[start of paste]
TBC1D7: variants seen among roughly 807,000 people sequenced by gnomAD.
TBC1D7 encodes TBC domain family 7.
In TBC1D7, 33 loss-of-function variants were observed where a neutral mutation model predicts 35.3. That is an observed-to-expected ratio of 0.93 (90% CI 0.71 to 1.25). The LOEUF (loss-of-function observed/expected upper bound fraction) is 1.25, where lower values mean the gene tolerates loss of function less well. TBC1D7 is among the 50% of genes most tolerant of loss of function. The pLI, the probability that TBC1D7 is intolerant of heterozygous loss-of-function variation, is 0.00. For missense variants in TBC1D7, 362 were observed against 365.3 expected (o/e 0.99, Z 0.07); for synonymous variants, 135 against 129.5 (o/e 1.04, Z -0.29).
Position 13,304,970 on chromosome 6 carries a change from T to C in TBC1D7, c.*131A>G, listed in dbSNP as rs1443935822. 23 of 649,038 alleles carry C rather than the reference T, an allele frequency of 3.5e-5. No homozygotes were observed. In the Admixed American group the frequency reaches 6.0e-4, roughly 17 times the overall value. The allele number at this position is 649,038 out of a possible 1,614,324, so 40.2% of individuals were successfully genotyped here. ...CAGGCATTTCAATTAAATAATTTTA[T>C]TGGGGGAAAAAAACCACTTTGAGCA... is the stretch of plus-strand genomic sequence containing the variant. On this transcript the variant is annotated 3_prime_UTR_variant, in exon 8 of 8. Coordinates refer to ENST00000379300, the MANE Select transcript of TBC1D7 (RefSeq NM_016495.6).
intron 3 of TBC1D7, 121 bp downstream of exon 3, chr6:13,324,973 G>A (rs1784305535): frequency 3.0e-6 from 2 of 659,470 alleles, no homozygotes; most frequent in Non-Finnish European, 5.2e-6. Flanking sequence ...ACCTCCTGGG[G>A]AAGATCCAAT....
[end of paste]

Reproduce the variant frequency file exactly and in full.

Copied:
TBC1D7: variants seen among roughly 807,000 people sequenced by gnomAD.
TBC1D7 encodes TBC domain family 7.
In TBC1D7, 33 loss-of-function variants were observed where a neutral mutation model predicts 35.3. That is an observed-to-expected ratio of 0.93 (90% CI 0.71 to 1.25). The LOEUF (loss-of-function observed/expected upper bound fraction) is 1.25, where lower values mean the gene tolerates loss of function less well. TBC1D7 is among the 50% of genes most tolerant of loss of function. The pLI, the probability that TBC1D7 is intolerant of heterozygous loss-of-function variation, is 0.00. For missense variants in TBC1D7, 362 were observed against 365.3 expected (o/e 0.99, Z 0.07); for synonymous variants, 135 against 129.5 (o/e 1.04, Z -0.29).
Position 13,304,970 on chromosome 6 carries a change from T to C in TBC1D7, c.*131A>G, listed in dbSNP as rs1443935822. 23 of 649,038 alleles carry C rather than the reference T, an allele frequency of 3.5e-5. No homozygotes were observed. In the Admixed American group the frequency reaches 6.0e-4, roughly 17 times the overall value. The allele number at this position is 649,038 out of a possible 1,614,324, so 40.2% of individuals were successfully genotyped here. ...CAGGCATTTCAATTAAATAATTTTA[T>C]TGGGGGAAAAAAACCACTTTGAGCA... is the stretch of plus-strand genomic sequence containing the variant. On this transcript the variant is annotated 3_prime_UTR_variant, in exon 8 of 8. Coordinates refer to ENST00000379300, the MANE Select transcript of TBC1D7 (RefSeq NM_016495.6).
intron 3 of TBC1D7, 121 bp downstream of exon 3, chr6:13,324,973 G>A (rs1784305535): frequency 3.0e-6 from 2 of 659,470 alleles, no homozygotes; most frequent in Non-Finnish European, 5.2e-6. Flanking sequence ...ACCTCCTGGG[G>A]AAGATCCAAT....